It was 1975, and Thomas Stossel and John Hartwig were baffled by the "ugly precipitate" in the bottom of their test tube. Eager young biologists, the Harvard friends had set out to solve the mystery of how cells crawl. The field of cell movement was abuzz with the revelation that non-muscle cells contained actin and myosin, but no one understood the mechanism regulating those cytoskeleton proteins. Many researchers believed the protein contractions were controlled by calcium, similar to muscle cells. Stossel and Hartwig decided to purify myosin from white blood cells as a way to find the "magic calcium stuff," recalls Stossel. Instead, their test tube was filled with some "contaminant": A high molecular weight polymer they would soon identify as the first actin-binding protein, later called filamin A.
The pair hypothesized that their protein was responsible for the transformation of cytoplasm from a liquid to gel that occurs as cells move and engulf food, and they resolved to prove it. First, they isolated actin from macrophages. "We could only painstakingly purify small amounts of filaments," recalls Stossel, resulting in only a few chances to get the experiment right. They added the new protein and heat; and then, with a quick flip of the tube, a gelled supernatant clung to curve of the glass. Stossel and Hartwig had proof that the actin-binding protein initiated gelation.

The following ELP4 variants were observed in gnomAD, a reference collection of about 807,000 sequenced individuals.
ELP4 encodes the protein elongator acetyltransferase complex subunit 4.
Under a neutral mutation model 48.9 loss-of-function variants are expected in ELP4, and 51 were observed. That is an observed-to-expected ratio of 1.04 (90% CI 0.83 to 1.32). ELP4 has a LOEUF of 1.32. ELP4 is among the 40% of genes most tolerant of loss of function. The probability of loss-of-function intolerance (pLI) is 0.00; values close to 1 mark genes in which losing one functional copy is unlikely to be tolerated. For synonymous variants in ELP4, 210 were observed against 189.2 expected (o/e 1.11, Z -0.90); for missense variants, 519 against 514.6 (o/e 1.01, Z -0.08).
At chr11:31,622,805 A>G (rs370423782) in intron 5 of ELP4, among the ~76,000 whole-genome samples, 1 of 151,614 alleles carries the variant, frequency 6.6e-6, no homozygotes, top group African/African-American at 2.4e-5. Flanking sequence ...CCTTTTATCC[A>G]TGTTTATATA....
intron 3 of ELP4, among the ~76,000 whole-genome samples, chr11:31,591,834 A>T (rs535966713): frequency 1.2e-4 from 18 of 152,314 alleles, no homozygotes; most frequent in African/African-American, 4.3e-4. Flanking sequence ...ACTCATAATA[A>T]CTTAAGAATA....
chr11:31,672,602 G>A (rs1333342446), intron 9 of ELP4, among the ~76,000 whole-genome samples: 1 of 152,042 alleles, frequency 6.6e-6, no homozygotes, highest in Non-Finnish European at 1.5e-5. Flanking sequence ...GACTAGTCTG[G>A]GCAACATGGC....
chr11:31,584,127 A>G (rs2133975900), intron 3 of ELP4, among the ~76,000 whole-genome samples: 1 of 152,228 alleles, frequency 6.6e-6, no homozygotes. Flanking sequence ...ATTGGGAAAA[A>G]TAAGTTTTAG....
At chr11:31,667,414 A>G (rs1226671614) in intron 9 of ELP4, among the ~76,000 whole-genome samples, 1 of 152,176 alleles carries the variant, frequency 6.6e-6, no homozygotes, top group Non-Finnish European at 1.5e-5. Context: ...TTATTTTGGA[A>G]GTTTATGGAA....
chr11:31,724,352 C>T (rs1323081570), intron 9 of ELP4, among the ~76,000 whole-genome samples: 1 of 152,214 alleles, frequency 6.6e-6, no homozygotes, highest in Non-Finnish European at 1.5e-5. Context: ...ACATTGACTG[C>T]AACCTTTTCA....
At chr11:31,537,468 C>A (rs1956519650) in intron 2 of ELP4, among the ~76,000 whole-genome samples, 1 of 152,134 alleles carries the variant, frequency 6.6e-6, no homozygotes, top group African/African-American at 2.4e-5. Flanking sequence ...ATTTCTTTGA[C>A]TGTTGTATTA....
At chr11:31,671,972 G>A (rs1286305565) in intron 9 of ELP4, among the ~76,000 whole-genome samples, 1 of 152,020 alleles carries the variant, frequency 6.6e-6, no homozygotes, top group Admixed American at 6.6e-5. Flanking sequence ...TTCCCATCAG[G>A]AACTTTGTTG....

Though initially a controversial discovery, filamin A proved to be the first of hundreds of binding proteins that influence cell movement.